So, you know, we’ve got some things in the past that that aren’t really so great. So, when you talk about making Australia great again, what are you talking about? And again, what are the top three priorities for you or your party?
RM: You’ve got, there are two good points in there. In all of these occasions where there’s been massive changes in our national thinking, I think it’s where common sense has come to the front.
So, you’re talking about giving Aboriginals the right to vote. What a fantastic time that was. That was when Australia realised we were on the wrong path and it was a great time when we decided to make a step into the future. That’s better for the whole country.
In fact, when Australia was voting at a national level of change to the constitution to make it inclusive and recognise, as you say, our First Peoples, you know, South Africa was voting for Apartheid. So, I do think it is a great time in our country, because there was a great consciousness where we were, as a nation, we got together and said, let’s right wrongs.
So, you’re right. There were a lot of things that were bad going on in the country. But these were great times when as a nation, we stood together and said, let’s make a difference. Let’s make things better and that’s all about the experience of being fair and we have a very equitable society.
So, you see them as bad times, I see them as times where bad things were thrown out and good things were accepted as the norm and we embraced common sense. So yeah, I’m not ever, for one minute, saying, let’s go back to the bad old days, when do you never want to go backward?
I just want that collective consciousness that we’ve possessed at that point in time where we’ve made things better. I want to encourage that, I want that to flourish. I want us as a nation to keep choosing the right path, and to do the better things and a part of that, and a part of that, is reflected in the policies.
An end to higher education fees
And my greatest passion is I’ve got kids that have been in uni, in TAFE and I’ve got a son who’s an apprentice. My greatest bugbear is that we ask kids to invest in the future and they come out with a useless bloody tax debt around their neck called HECS.
Now, if a kid goes to a bank and says, I’m an entrepreneur, I’ve got a great idea, I’m going to save this country money, or I’m going to employ people, the bank won’t give them five bucks, they won’t lend them one dollar. But they’ll let you go into debt for $100,000 on the premise that you’re going to come out and get a job and a half-useless university degree when you’ve got no assets.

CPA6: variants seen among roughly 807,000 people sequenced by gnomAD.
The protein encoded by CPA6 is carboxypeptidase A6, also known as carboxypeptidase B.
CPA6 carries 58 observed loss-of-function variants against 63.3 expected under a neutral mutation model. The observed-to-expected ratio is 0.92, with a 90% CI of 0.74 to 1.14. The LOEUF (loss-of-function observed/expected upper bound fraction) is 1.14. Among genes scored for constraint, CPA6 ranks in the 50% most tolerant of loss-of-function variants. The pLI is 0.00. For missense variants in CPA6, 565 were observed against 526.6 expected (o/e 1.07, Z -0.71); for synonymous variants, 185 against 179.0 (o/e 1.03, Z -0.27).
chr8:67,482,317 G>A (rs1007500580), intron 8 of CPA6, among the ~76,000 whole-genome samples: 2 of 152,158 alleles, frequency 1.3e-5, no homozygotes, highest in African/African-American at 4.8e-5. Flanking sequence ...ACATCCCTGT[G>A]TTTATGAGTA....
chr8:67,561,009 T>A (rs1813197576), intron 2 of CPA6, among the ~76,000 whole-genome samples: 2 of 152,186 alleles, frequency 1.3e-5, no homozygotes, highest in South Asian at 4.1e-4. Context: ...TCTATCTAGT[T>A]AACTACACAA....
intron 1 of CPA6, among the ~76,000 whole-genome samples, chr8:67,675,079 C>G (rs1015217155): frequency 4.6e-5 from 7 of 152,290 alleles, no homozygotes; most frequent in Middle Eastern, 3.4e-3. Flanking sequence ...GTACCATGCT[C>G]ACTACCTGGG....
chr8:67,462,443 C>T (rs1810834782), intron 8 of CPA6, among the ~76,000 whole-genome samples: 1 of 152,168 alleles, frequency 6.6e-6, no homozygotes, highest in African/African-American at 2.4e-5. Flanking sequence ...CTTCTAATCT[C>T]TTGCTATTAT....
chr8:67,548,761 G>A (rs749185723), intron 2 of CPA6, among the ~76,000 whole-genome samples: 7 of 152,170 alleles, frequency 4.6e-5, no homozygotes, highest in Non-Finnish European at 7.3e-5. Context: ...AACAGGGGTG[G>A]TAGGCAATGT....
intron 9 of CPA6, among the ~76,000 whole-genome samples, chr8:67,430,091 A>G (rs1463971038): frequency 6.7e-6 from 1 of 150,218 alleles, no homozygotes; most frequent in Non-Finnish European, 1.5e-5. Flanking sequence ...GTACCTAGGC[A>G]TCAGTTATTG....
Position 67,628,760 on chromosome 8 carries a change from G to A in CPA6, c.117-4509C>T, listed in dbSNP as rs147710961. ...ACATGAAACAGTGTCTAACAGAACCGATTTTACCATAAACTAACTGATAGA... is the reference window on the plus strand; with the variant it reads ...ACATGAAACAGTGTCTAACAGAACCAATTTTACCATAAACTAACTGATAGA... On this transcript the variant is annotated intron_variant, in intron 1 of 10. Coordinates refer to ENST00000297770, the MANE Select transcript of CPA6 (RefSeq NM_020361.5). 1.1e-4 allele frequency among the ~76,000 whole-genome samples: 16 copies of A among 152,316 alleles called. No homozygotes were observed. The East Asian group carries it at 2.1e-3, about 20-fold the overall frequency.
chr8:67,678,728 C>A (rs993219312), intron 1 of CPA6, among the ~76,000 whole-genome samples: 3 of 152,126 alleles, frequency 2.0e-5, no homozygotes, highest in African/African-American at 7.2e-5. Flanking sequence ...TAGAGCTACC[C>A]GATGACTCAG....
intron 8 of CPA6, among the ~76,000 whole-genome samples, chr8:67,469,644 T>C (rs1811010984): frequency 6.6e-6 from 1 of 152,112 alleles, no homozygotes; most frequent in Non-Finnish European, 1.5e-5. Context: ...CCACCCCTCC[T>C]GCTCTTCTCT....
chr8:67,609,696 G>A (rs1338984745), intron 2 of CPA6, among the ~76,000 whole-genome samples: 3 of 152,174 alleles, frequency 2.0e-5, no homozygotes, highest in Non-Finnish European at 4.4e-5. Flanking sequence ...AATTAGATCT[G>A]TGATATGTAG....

Now, is that equitable? Is that fair? Is that good? You’re asking kids to invest in the future, and you’re going to trip them up before they even get out of the gates of University. That’s nuts. So, one of the policies is get rid of HECS, it’s not productive. It’s not good for the country. It’s not good for the kid that wants to invest in themselves.
So that’s my passion because that’s so close to home. As I said, I’ve got one son’s an apprentice, I’ve got a daughter who’s in higher [education], we’ve been through it, through this path. So I see in a lot of the policies that common sense and I see them reinvigorating the country. I see them as a great opportunity, as a collective, as a consciousness, where Australia says, well, we’re at the fork in the path, let’s choose the right path, make the country better. That’s where I’m coming from.
3% freeze on home mortgages
MA: What are your views on some of the other topics that are dominating mainstream media coverage of the federal election campaign? So, for example, we’ve got cost of living and I mentioned earlier, inflation has gone up more than 5% and wages, apparently only 2%. And then, of course, climate change is another big one. We haven’t talked about housing either today, but that’s another big topic.
RM: Well, again, housing is a big, another big bugbear, you know, every time a property is built, it employs 176 different people. So it’s 176 families that that are that have been fed and productive. That’s 176 people that go out and spend money and keep the economy going.
You know, the state government has relied on stamp duty, and federal governments have relied on tax to keep their housing system going. It’s the greatest chance of employment in the country. Not only that, you know why?
There’s so many people that are homeless, there’s people living in cars, and these are people that have jobs. You know, this is, this should never have happened. Now, the inflation is a furphy. The government has shut down the economy by closing small business, okay,and regardless of where you stand on COVID, that’s a fact.